The FSGCP prioritizes their RFP for research, based on their FSGCP Strategic Plan objectives and a relevancy review. The process starts with strategic priority research topics drawn from those identified in the Strategic Plan. In addition to requiring that projects address these priorities, the Program ensures relevance of the research portfolio: pre-proposals are screened by industry and agency experts; researchers are required to work with end-users in developing research proposals; and full proposals must contain a detailed outreach plan. Most projects engage a marine extension agent to assist in developing the required outreach component of the project plan. All these efforts result in research partnerships between university faculty and either specific private sector end users or resource management agencies. The linkage between research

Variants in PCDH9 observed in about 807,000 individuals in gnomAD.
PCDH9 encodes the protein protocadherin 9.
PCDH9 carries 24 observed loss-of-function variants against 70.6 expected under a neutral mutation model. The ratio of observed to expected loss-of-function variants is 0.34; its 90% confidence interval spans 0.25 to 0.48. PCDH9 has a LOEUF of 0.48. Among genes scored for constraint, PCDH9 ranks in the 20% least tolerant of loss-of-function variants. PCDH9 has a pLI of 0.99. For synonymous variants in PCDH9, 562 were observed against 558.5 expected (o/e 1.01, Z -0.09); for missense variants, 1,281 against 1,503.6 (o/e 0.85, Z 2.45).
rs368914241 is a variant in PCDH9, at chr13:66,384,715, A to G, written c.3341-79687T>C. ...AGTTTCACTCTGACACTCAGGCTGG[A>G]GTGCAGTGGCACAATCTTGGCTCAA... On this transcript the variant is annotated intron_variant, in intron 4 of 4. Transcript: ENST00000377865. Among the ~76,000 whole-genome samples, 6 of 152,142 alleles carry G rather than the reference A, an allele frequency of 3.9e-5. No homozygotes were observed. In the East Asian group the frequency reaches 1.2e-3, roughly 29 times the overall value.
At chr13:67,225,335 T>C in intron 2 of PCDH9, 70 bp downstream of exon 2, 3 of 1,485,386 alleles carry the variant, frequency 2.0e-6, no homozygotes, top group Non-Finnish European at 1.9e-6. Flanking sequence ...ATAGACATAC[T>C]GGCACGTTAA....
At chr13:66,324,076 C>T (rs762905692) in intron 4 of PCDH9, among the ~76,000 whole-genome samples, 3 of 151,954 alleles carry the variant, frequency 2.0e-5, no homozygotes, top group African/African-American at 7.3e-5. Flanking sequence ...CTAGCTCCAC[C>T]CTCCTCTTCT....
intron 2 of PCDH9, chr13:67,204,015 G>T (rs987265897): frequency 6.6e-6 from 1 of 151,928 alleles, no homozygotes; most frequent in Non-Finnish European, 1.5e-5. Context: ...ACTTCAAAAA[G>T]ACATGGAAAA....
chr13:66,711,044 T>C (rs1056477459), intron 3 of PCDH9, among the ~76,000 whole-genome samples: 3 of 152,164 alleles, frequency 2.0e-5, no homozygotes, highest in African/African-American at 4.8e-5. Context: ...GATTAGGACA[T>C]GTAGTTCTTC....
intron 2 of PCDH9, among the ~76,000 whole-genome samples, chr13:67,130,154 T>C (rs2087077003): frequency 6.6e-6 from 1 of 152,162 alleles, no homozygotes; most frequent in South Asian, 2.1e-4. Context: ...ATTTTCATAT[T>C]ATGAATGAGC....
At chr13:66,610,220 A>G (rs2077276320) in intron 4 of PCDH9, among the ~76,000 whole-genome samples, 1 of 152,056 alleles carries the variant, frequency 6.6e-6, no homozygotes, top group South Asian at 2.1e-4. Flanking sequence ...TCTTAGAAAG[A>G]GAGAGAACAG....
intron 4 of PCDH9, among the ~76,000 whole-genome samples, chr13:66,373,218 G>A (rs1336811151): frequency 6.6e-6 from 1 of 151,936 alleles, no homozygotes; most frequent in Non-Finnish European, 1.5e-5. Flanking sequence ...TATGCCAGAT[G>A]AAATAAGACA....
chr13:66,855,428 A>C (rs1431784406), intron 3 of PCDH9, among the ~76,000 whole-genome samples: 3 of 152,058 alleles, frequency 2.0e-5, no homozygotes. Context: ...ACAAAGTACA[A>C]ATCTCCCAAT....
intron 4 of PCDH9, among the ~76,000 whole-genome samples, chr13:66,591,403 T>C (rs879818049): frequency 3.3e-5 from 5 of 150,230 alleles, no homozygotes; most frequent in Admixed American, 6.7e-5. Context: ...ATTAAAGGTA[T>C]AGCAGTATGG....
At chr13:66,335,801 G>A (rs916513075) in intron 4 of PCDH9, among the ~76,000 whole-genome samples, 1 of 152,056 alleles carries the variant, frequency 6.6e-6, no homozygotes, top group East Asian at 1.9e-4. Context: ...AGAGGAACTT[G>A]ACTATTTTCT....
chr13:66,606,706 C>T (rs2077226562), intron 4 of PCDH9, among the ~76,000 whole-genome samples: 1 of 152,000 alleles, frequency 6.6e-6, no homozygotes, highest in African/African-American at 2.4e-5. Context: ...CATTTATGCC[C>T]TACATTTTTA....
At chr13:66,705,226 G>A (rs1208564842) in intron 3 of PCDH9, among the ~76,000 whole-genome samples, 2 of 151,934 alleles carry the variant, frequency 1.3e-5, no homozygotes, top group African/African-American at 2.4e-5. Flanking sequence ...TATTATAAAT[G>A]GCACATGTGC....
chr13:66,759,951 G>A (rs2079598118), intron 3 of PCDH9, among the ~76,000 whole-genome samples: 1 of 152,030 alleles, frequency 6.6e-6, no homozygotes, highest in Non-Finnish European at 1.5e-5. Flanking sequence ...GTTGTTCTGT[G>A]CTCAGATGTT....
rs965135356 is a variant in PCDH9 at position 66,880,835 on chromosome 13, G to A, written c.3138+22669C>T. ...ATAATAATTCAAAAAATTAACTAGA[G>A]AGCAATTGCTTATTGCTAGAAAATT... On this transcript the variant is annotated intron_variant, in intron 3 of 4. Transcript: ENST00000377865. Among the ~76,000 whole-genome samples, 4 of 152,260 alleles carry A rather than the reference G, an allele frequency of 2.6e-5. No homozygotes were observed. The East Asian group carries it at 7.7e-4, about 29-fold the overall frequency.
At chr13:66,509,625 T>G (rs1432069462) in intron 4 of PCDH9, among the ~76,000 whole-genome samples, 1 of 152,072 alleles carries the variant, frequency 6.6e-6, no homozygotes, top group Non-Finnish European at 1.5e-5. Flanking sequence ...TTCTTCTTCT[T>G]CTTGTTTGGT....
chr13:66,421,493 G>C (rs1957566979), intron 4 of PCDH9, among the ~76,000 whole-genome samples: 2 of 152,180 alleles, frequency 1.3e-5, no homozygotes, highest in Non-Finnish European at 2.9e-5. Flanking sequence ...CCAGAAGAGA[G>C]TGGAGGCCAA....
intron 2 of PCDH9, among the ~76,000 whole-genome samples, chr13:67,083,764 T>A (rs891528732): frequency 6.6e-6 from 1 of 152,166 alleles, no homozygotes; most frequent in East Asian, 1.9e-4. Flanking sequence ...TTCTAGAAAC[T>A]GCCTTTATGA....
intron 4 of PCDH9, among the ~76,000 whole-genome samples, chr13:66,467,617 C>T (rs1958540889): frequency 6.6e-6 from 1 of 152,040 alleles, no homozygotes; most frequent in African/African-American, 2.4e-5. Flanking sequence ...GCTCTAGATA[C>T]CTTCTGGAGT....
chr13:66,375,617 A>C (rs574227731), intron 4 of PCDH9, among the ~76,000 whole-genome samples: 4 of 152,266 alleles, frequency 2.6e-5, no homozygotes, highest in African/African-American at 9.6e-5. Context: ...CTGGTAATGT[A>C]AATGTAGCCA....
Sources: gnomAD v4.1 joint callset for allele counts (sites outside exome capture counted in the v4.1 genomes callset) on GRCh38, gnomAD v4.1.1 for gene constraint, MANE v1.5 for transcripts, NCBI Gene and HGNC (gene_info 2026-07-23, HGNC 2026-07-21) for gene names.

investigators and stakeholders was very good in selected areas presented during the review. The FSGCP Communication produces materials to assist extension staff in engaging with coastal  stakeholders. Research findings are primarily communicated by meetings, workshops, the FSGCP website, Program Highlights documents, newsletters and other written materials to convey coastal and marine-related information to stakeholders. Research findings are translated into these communications output and provided to extension personnel, the National Sea Grant Library, and the public. In terms of PDF downloads from the National Sea Grant Library, the FSGCP leads the Sea Grant Network (~170,000 downloads of FSGCP documents in 2009). New methods of information delivery, such as social media (e.g., YouTube and Facebook) are increasing exposure for the Program as a source of reliable, science-based information. Just as important are the many personal contacts through office visits, telephone calls, and letters. These 8 often are initiated by a broad range of people who have come to rely on the FSGCP for unbiased information.Relevance